Ridge to Rivers#6 in Best Things To Do in Boise
The Boise Foothills, always an ever-present and gorgeous backdrop to the city, offers more than an opportunity for a pretty picture. You can head out for an hour, or even a day, of adventure on the Ridge to Rivers system, an interconnected network of roads and trails running through the foothills. The190-mile trail system links neighborhoods with public lands with an almost unlimited amount of options for hikers, trail runners and mountain bikers. Landscapes run the gamut from grasslands to scrub slopes to tree-lined creeks leading to the Boise National Forest.
Both locals and visitors rave about the accessibility and the variety of trails. Reviewers were pleased with the well-marked trails and said it's easy to pick up a paper map from most stores around town. The website also details trails well-suited for families, mountain bike loops, trails for visitors with limited mobility, equestrian paths and trails for visitors with dogs.
The most convenient access from the city is via Cottonwood Creek Trailhead, east of the Idaho State Capitol Building. You can easily rent a bike from a number of places in town. For more information, maps and tips, visit the Ridge to Rivers website.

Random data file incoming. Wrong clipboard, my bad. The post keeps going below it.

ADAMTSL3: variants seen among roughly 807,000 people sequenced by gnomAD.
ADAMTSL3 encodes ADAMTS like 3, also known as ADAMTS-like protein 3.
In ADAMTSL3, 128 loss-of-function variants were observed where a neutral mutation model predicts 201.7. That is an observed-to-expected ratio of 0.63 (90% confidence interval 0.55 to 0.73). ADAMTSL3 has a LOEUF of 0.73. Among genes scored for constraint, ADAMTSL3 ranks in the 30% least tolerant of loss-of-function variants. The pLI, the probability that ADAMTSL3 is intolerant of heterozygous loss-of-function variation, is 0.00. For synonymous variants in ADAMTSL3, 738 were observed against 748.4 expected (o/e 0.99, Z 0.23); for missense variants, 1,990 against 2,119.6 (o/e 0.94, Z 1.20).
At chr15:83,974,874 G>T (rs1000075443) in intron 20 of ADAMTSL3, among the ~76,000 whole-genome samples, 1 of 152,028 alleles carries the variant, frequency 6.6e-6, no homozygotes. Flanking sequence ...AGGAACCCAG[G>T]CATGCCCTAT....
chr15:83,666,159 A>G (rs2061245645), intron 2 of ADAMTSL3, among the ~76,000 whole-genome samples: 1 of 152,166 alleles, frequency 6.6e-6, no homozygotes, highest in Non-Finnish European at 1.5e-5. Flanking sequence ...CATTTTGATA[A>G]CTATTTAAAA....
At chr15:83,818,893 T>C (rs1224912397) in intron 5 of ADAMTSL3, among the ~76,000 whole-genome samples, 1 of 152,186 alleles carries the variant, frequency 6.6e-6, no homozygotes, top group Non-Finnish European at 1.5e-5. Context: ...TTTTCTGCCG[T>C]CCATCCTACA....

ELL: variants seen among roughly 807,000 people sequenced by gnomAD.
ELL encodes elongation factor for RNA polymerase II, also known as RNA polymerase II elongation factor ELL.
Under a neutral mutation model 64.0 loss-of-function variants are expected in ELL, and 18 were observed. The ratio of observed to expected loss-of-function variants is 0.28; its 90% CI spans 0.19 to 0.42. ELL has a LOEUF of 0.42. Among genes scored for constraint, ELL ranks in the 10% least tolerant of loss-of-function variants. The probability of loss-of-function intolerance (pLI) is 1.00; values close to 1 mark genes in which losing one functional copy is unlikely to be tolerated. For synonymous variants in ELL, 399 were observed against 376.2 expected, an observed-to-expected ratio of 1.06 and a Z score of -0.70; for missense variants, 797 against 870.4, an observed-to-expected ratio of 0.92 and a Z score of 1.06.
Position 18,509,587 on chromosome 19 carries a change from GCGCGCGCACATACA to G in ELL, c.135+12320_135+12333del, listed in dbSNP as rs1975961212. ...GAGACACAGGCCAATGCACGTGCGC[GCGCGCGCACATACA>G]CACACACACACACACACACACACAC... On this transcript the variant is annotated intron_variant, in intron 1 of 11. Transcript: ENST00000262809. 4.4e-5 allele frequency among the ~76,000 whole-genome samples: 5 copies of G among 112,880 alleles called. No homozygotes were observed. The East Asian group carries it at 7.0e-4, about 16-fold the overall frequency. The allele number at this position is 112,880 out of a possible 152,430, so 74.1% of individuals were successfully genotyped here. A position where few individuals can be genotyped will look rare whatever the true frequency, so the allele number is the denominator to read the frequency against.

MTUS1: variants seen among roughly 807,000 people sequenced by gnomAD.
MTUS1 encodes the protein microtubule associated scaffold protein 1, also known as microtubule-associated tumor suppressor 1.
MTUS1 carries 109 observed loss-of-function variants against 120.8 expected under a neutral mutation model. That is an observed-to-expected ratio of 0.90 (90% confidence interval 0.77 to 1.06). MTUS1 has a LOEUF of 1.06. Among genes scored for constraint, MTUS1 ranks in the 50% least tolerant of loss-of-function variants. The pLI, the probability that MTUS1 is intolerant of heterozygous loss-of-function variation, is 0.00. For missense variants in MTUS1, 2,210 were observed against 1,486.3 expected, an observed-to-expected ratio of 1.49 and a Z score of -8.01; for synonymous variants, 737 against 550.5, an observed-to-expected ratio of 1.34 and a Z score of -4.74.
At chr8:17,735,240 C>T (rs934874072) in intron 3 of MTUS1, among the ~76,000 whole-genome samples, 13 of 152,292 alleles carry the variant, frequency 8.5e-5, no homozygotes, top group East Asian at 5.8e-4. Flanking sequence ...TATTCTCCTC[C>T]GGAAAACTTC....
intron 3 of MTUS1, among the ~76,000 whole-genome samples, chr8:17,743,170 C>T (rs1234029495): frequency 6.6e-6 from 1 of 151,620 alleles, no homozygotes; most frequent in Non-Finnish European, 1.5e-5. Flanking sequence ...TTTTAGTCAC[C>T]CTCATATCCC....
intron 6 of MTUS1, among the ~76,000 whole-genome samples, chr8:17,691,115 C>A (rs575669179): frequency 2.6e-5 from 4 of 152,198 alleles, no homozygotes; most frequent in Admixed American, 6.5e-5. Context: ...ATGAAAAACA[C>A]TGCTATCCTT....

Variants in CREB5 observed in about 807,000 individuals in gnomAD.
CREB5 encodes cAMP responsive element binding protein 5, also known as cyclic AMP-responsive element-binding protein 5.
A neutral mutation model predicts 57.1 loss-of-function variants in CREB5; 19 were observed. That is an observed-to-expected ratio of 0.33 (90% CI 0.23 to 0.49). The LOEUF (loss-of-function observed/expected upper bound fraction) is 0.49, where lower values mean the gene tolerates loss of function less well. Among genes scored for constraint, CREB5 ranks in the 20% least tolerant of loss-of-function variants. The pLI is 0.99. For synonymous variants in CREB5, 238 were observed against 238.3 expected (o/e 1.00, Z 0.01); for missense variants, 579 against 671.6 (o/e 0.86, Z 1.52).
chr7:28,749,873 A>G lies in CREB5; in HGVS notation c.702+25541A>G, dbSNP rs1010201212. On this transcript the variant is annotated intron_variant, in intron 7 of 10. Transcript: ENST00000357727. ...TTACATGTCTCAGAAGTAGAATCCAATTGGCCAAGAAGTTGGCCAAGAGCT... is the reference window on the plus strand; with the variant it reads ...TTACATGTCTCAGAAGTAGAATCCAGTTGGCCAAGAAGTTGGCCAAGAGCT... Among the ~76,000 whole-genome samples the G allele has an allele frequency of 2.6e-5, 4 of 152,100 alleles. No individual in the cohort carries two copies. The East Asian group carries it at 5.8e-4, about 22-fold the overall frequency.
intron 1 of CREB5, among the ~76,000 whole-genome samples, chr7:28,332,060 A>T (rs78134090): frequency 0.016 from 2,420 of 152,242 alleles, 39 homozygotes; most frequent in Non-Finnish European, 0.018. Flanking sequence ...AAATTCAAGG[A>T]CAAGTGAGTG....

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#1 Boise River Greenbelt
The Boise River Greenbelt stretches 25 miles along the Boise River and offers runners, joggers, walkers and cyclists a beautiful place to get some exercise. Since it travels through the heart of downtown Boise, some commuters even use it as a route for reaching their workplaces. The tree-lined trail also winds past several of the city's most popular parks, including Kathryn Albertson Park and Julia Davis Park. What's more, the city created a scavenger hunt with a map and clues on its website that prompts visitors to explore the trail and learn more about the city's history along the way.
Travelers commonly described the area as relaxing and peaceful and enjoyed their experience walking their dogs or riding their bikes on the trail. Other travelers appreciated that the Boise Greenbelt isn't very crowded, but it still feels safe with lights illuminating the trail in most places.
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